Jacob's Prayer

Lorne Dufour

In 1974 Lorne Dufour moved to Alkali Lake Reserve, a Shuswap community near Williams Lake in British Columbia, to help reopen the local elementary school. Like many First Nation communities across Canada, Alkali Lake had been ravaged by decades of residential schools and forced religion. Colonialism had robbed them of their language and culture and had left a legacy of abuse and alcoholism. But in 1972, Chief Andy Chelsea and his wife Phyllis took it upon themselves to lead their community on a long and painful road to sobriety and what ensued was a dramatic transformation of a people enslaved by a seemingly unstoppable plague. By 1985, Alkali Lake was almost a hundred percent dry and had become a role model for many other communities in BC. Jacob’s Prayer takes place during this time of transformation and it speaks to the unexpected existence of resiliency in the most unassuming of characters. It centres around one tragic Halloween evening in 1975 when two men lose their lives and another is saved by a friend who chooses not to be destroyed by his own tragedy and devastating loss. Jacob’s Prayer is the haunting and poetic story of a community’s suffering, loss and eventual healing.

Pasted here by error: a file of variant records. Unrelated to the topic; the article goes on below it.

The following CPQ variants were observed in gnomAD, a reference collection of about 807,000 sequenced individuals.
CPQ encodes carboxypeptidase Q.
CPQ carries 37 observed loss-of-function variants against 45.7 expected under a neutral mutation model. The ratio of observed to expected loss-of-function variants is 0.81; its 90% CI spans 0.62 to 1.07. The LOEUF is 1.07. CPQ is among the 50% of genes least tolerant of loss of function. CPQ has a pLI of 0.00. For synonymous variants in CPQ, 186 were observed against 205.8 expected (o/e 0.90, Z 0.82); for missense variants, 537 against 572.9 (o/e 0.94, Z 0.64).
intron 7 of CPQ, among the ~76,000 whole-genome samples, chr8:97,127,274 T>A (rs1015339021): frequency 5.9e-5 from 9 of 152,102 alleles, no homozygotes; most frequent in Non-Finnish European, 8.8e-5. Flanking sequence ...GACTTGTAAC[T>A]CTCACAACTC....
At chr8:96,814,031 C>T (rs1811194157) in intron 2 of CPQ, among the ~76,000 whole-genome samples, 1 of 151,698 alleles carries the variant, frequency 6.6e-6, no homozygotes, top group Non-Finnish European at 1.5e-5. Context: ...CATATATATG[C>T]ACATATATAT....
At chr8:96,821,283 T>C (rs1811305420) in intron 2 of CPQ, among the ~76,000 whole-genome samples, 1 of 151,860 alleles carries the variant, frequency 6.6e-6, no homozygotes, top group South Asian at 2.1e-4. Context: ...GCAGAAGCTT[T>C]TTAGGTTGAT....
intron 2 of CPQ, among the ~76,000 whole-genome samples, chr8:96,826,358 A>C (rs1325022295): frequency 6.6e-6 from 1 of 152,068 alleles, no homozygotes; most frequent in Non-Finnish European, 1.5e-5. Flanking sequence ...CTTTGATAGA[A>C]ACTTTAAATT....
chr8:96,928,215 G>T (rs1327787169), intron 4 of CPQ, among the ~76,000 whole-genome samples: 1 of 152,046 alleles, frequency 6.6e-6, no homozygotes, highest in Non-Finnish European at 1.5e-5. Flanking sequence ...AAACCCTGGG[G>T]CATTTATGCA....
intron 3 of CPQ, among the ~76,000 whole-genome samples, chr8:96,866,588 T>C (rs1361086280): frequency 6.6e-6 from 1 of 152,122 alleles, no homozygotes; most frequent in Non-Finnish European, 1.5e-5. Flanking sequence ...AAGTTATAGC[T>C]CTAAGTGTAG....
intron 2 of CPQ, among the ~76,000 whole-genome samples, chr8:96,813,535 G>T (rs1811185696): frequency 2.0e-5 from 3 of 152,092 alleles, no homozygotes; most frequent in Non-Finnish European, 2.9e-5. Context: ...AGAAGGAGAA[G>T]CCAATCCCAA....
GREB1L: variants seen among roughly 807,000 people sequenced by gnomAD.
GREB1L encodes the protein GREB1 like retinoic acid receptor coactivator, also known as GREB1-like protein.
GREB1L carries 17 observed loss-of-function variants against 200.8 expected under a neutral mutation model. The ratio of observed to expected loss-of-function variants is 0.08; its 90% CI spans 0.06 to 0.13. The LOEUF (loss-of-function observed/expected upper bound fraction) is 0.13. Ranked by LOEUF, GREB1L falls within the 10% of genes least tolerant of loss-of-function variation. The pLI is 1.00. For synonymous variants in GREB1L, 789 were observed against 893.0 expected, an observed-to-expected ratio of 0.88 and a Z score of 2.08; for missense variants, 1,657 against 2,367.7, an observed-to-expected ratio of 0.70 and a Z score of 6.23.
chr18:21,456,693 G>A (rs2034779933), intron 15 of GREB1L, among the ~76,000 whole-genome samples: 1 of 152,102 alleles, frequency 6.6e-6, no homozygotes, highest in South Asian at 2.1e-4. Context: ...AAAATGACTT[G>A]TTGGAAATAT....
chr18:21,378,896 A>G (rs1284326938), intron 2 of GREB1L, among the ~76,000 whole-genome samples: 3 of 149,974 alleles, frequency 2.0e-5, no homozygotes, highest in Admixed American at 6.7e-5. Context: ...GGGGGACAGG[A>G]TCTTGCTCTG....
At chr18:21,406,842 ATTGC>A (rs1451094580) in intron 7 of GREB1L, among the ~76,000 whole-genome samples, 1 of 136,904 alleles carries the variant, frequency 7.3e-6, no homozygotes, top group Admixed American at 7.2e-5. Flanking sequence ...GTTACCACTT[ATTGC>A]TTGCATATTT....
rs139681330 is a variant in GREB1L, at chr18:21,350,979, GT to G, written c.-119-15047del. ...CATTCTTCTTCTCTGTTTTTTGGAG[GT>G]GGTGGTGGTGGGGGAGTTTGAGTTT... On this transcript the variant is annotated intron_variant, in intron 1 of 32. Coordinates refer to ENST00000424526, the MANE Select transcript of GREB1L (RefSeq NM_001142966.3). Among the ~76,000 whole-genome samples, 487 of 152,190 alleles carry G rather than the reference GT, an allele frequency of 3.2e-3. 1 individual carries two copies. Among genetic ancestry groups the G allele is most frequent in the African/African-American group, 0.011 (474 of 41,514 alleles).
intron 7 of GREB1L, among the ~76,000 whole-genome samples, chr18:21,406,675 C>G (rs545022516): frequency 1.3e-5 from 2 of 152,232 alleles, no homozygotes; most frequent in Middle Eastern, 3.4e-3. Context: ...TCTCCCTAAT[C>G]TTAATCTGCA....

Lorne Dufour’s Jacob’s Prayer and Robert Arthur Alexie’s Porcupines and China Dolls are prayers for healing. These prayers are not recited over the heads of fearful children who do not understand their meaning: they are true prayers grounded in the sacred dirt of life. As witnesses of the filthy legacies of colonialism, Dufour and Alexie call First Nations to come together with real hope for healing.

Canadian Literature

Like many First Nations communities across Canada, Alkali Lake had been severely impacted by decades of residential schools and forced religion. The legacy of colonialism had deprived them of their language and culture and created a devastating relationship with alcoholism.

Jacob’s Prayer takes place during this time of transformation, and speaks to the unexpected resiliency of a community and its people.

Williams Lake Tribune